FIG. 6A shows an embodiment of the present invention wherein a disk drive self-servo writes the servo sectors to the disk.

FIG. 6B is a flow diagram according to an embodiment of the present invention executed by the disk drive to self-servo write the servo sectors to the disk.

DETAILED DESCRIPTION OF EMBODIMENTS OF THE INVENTION

FIG. 2 shows a servo sector format for use in a disk drive according to an embodiment of the present invention. The disk drive includes a disk surface comprising a plurality of servo sectors for defining a plurality of servo tracks, and a head actuated radially over the disk surface. A first servo sector for defining a first servo track comprises a first track address (e.g., TKID 1) having a first width, and a second servo sector for defining a second servo track comprises a second track address (e.g., TKID 2) having a second width substantially less than the first width. For example, the second width may be at least 25% less than the first width.

In the embodiment shown in FIG. 2, the odd numbered track address are written in two passes, and the even numbered track addresses are written in one pass. In this manner, there are three erase bands for every two track addresses (e.g., erase bands Y1, Y2, Y3) as compared to four erase bands X1, X2, X3, X4 for every two track addresses in the prior art format shown in FIG. 1B. Thus, in the embodiment shown in FIG. 2, the even numbered track addresses are approximately half the width of the odd numbered track addresses. Also in the embodiment of FIG. 2, the width of each servo burst is less than the width of the odd numbered track addresses.

In one embodiment, the process of servo writing the track addresses shown in FIG. 2 is as follows:

    • 1. write track address TKID −1 1 and the C servo burst during a first pass;
    • 2. move the head radially three units and write the B servo burst during a second pass (where a unit equals one quarter of an even track address in the example shown in FIG. 2);
    • 3. move the head radially one unit and write track address TKID −1 2 while trimming TKID −1 1 during a third pass;
    • 4. move the head radially two units and write the D servo burst during a fourth pass;
    • 5. move the head radially two units and write the track address TKID 0 1 while trimming TKID −1 2 during a fifth pass;
    • 6. move the head radially one unit and write the A servo burst during a sixth pass; and
    • 7. continue the process starting with step 1 for the next servo sector.
      In this embodiment, the odd numbered track addresses are written over two passes (two disk revolutions) while the even numbered track addresses are written over one pass (one disk revolution). However, the track addresses may be written over any suitable number of passes, and in one embodiment a first track address is written over N revolutions of the disk and a second track address is written over M revolutions of the disk, where M is less than N.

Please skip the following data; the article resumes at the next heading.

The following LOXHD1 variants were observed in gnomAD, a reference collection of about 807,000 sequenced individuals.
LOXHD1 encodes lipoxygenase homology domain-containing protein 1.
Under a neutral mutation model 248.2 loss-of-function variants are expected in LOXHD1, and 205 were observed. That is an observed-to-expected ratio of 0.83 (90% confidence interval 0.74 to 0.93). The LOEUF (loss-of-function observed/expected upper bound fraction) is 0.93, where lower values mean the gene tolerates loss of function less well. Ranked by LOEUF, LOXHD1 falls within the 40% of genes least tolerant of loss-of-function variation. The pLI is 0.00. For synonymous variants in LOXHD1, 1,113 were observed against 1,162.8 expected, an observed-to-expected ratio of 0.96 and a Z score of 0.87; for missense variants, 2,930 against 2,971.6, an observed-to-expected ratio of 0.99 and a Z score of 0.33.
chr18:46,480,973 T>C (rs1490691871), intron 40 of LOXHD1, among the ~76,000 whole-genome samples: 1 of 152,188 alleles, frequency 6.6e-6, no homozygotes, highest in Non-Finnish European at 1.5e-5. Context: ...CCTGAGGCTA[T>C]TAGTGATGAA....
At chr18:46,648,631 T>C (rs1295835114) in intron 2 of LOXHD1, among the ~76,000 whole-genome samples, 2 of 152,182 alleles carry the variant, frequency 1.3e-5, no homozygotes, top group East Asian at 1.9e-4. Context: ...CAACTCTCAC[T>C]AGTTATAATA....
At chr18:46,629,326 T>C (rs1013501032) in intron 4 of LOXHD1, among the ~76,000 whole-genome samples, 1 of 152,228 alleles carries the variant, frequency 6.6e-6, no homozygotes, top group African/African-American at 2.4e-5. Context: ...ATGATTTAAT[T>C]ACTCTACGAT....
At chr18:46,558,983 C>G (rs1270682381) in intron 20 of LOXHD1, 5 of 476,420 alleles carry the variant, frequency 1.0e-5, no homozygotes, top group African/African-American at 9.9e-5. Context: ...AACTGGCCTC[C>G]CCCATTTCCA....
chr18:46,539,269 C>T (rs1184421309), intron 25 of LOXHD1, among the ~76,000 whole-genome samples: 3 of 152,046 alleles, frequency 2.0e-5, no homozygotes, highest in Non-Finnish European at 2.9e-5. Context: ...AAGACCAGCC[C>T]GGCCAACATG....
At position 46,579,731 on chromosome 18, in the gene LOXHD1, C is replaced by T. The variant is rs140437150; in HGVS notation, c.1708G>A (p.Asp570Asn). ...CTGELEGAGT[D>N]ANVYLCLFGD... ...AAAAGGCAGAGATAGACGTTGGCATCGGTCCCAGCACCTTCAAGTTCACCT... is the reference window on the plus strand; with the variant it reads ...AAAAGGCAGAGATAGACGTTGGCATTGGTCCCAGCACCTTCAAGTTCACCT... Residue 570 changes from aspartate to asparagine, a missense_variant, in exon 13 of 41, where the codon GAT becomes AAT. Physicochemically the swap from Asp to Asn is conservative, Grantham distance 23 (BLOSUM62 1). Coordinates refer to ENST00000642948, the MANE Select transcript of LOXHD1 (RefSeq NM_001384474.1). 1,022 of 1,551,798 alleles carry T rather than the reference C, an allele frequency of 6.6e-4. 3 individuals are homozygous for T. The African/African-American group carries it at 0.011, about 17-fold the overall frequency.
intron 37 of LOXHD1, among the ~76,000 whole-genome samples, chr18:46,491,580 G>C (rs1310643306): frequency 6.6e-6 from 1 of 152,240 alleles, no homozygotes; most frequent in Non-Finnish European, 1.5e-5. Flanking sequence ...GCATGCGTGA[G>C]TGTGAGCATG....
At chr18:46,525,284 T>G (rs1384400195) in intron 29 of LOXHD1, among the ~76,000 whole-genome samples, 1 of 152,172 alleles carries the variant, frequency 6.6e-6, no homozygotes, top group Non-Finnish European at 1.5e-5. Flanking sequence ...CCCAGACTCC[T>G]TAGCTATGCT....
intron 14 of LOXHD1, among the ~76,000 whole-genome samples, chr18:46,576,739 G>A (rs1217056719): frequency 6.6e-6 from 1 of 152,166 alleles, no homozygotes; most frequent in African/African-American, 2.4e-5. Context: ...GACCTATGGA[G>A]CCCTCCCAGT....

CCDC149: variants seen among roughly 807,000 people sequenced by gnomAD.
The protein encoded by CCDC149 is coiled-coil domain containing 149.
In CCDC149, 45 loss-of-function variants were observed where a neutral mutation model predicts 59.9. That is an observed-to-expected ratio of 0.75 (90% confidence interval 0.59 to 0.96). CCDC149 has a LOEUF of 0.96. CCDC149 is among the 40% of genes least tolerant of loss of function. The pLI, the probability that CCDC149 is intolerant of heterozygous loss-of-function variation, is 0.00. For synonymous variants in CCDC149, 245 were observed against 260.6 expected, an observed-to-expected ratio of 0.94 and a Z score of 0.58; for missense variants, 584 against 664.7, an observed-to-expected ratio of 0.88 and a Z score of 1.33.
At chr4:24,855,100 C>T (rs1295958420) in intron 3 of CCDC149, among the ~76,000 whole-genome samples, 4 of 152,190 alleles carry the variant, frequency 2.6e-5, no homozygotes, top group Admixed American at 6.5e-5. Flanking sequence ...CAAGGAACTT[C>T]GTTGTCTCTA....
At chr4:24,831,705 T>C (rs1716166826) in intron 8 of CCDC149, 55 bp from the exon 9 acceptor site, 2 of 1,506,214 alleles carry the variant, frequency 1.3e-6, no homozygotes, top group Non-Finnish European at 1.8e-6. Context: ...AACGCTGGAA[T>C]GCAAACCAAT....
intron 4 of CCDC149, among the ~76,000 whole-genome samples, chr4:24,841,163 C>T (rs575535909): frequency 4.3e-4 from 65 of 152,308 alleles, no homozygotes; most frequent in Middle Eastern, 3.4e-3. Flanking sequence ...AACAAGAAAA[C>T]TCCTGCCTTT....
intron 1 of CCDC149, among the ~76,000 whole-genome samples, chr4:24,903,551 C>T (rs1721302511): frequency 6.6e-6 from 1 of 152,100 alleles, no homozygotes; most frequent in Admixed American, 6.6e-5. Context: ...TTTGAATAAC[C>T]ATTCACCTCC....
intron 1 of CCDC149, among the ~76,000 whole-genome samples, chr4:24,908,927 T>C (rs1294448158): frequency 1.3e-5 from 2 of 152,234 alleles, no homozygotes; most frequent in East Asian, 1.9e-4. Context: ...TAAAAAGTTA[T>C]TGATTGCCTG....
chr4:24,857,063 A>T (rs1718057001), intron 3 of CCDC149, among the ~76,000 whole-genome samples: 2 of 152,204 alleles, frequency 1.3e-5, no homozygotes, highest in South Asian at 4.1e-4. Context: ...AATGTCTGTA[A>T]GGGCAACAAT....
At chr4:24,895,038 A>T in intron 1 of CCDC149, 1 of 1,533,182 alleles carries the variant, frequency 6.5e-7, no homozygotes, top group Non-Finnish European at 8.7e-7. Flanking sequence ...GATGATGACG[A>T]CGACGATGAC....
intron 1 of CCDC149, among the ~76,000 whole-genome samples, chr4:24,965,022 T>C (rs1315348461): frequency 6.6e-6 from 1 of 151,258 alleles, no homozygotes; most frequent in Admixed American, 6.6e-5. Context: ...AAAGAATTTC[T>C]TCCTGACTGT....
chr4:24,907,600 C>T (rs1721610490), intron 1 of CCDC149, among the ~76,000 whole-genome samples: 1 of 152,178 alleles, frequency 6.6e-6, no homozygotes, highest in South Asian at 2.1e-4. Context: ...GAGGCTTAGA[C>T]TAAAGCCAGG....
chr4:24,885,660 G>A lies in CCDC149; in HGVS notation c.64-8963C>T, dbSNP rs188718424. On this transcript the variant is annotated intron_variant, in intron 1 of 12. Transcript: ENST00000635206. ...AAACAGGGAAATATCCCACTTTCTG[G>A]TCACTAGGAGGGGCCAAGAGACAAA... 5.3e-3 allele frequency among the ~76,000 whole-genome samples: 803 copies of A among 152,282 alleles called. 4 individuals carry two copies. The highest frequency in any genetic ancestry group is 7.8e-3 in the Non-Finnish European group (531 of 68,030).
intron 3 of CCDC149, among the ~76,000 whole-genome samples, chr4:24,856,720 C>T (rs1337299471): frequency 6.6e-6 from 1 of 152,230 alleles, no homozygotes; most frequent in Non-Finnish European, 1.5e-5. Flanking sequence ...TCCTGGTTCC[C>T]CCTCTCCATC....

In one embodiment, additional data may be written in the servo sector when writing the track addresses. For example, in one embodiment each servo sector may begin with a preamble (e.g., a 2T preamble) for synchronizing timing recovery and gain control, followed by a sync mark for synchronizing to the servo data field (which includes the track address). In one embodiment, the additional data (e.g., preamble and sync mark) may be written along with the track address. In another embodiment, the additional data (e.g., repeatable runout (RRO) values) may be written to each servo sector after writing the track address.

In the embodiment of FIG. 2, the data track centerlines do not correspond with the servo track centerlines similar to the prior art servo format shown in FIG. 1B. A track address is demodulated to identify the correct data track by evaluating the radial position of the head with respect to the servo bursts which define four radial servo position zones (Z1, Z2, Z3, Z4 in FIG. 2). If the head is determined to be in either Z1 or Z2, the track address should be an even number. If the detected track address is odd and the head is in Z1, then the detected track address is incremented, whereas if the detected track address is odd and the head is in Z2, then the detected track addresses is decremented. Similarly, if the head is determined to be in either Z3 or Z4, the track address should be an odd number. If the detected track address is even and the head is in Z3, then the detected track address is incremented, whereas if the detected track address is even and the head is in Z4, then the detected track address is decremented. This demodulation technique is similar to the demodulation technique used in the prior art servo format of FIG. 1B, further details of which are disclosed in U.S. Pat. No. 7,110,208 the disclosure of which is incorporated herein by reference.

Any suitable servo burst pattern may be employed in the embodiments of the present invention together with any conventional servo burst demodulation algorithm. In the embodiment shown in FIG. 2, the servo bursts are unstitched and untrimmed, whereas in an embodiment shown in FIG. 3, the servo bursts are stitched and trimmed. Yet another servo pattern shown in FIG. 4 is referred to as a null-phase or null-type servo pattern. In both the FIG. 3 and FIG. 4 embodiments, the demodulation of the track addresses is similar to the embodiment of FIG. 2 described above.